There are plenty of toys left behind on the side of the streets of Mosul just liberated by the Iraqi forces. The toys - left there by Da'esh on purpose - hide an explosive charge so that children will pick them up unaware of their killing potential. Booby traps have been disseminated so that citizens are afraid to perform even the simplest of acts within their own homes.
A Qu’ran sitting upon a coffee table is primed to explode as it is picked up, a light switch acts as a detonator. Improvised explosive devices (IEDs) are used as psychological weapons to undermine the reconciliation process underway and this is why the EU has decided to concentrate on demining work, leading efforts to clean liberated areas from explosives and restore civilians’ sense of normalcy.
More than three million Iraqi Internally displaced people (IDPs) are waiting to return to their homes and the EU wants to ensure their right to do so in safety. “We are demining the areas liberated from Da'esh to allow people of Iraq go back safely to their homes and their lives,” said High Representative for Foreign Affairs and Security Policy/Vice-President of the European Commission Federica Mogherini presenting the Council Conclusions on Iraq on 18 June 2017.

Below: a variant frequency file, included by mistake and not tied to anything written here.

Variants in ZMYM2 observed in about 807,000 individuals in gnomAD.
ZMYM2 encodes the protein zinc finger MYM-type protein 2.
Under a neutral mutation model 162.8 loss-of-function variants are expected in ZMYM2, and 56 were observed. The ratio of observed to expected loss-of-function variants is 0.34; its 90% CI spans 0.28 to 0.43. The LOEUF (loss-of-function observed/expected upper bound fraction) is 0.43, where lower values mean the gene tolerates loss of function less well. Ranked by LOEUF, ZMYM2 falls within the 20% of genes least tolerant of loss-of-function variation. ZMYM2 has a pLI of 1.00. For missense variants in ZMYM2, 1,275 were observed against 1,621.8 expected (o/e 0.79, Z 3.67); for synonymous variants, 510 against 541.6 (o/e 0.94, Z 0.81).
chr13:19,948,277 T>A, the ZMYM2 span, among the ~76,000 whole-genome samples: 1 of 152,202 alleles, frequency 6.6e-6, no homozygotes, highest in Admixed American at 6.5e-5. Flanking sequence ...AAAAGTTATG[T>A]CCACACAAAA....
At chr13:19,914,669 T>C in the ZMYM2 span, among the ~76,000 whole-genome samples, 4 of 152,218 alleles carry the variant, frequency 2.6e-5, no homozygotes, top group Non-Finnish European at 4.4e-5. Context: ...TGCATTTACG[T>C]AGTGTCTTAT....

The European Union is by far the main humanitarian donor in Iraq with EUR 309.25 million of total humanitarian assistance since 2015 and among the top donors for demining and decontamination efforts, something that the High Representative identified as an integral component of the EU’s work to stabilise the country.
“This work is essential. Our European Union experts are demining the liberated areas in Iraq; our engineers are working at the Mosul dam; our investments are supporting the economy” Mogherini said in March 2017. “Military power is essential [under certain circumstances], but it is not enough – neither to end the war nor to win the peace,” the HRVP added. It is really through our demining action that the humanitarian, security and political aspects of our support to the Iraqi people come together.
Hope after brutality